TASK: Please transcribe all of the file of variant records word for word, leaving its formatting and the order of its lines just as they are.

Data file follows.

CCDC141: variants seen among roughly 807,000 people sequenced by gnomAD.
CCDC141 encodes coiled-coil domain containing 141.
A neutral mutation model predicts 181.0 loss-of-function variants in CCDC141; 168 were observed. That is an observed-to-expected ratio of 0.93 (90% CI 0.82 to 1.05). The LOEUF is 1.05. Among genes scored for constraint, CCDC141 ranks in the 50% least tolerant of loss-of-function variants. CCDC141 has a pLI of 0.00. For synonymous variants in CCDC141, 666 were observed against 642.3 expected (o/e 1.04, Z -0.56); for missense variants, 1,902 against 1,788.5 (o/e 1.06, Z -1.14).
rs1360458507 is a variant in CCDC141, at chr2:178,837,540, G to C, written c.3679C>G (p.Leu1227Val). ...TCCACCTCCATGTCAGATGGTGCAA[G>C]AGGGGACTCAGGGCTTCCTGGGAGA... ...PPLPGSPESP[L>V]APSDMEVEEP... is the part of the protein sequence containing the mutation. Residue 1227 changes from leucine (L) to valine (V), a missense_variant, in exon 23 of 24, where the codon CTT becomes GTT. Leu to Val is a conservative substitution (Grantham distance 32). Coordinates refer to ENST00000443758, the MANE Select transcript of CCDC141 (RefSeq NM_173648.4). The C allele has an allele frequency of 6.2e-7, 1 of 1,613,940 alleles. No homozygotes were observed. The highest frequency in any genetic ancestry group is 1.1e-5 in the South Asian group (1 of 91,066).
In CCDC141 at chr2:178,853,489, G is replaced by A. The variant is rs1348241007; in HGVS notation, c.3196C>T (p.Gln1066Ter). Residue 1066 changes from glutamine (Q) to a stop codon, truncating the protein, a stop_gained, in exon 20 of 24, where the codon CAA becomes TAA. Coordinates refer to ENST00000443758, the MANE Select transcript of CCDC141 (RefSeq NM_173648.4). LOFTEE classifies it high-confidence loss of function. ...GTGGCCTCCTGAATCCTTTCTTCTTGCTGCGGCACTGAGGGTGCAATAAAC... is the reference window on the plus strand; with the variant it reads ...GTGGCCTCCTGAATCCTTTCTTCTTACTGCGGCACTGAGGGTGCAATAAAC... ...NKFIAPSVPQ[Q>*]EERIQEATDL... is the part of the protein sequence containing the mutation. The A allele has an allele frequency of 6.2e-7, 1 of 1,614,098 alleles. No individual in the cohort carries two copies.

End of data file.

CCDC141: variants seen among roughly 807,000 people sequenced by gnomAD.
CCDC141 encodes coiled-coil domain containing 141.
A neutral mutation model predicts 181.0 loss-of-function variants in CCDC141; 168 were observed. That is an observed-to-expected ratio of 0.93 (90% CI 0.82 to 1.05). The LOEUF is 1.05. Among genes scored for constraint, CCDC141 ranks in the 50% least tolerant of loss-of-function variants. CCDC141 has a pLI of 0.00. For synonymous variants in CCDC141, 666 were observed against 642.3 expected (o/e 1.04, Z -0.56); for missense variants, 1,902 against 1,788.5 (o/e 1.06, Z -1.14).
rs1360458507 is a variant in CCDC141, at chr2:178,837,540, G to C, written c.3679C>G (p.Leu1227Val). ...TCCACCTCCATGTCAGATGGTGCAA[G>C]AGGGGACTCAGGGCTTCCTGGGAGA... ...PPLPGSPESP[L>V]APSDMEVEEP... is the part of the protein sequence containing the mutation. Residue 1227 changes from leucine (L) to valine (V), a missense_variant, in exon 23 of 24, where the codon CTT becomes GTT. Leu to Val is a conservative substitution (Grantham distance 32). Coordinates refer to ENST00000443758, the MANE Select transcript of CCDC141 (RefSeq NM_173648.4). The C allele has an allele frequency of 6.2e-7, 1 of 1,613,940 alleles. No homozygotes were observed. The highest frequency in any genetic ancestry group is 1.1e-5 in the South Asian group (1 of 91,066).
In CCDC141 at chr2:178,853,489, G is replaced by A. The variant is rs1348241007; in HGVS notation, c.3196C>T (p.Gln1066Ter). Residue 1066 changes from glutamine (Q) to a stop codon, truncating the protein, a stop_gained, in exon 20 of 24, where the codon CAA becomes TAA. Coordinates refer to ENST00000443758, the MANE Select transcript of CCDC141 (RefSeq NM_173648.4). LOFTEE classifies it high-confidence loss of function. ...GTGGCCTCCTGAATCCTTTCTTCTTGCTGCGGCACTGAGGGTGCAATAAAC... is the reference window on the plus strand; with the variant it reads ...GTGGCCTCCTGAATCCTTTCTTCTTACTGCGGCACTGAGGGTGCAATAAAC... ...NKFIAPSVPQ[Q>*]EERIQEATDL... is the part of the protein sequence containing the mutation. The A allele has an allele frequency of 6.2e-7, 1 of 1,614,098 alleles. No individual in the cohort carries two copies.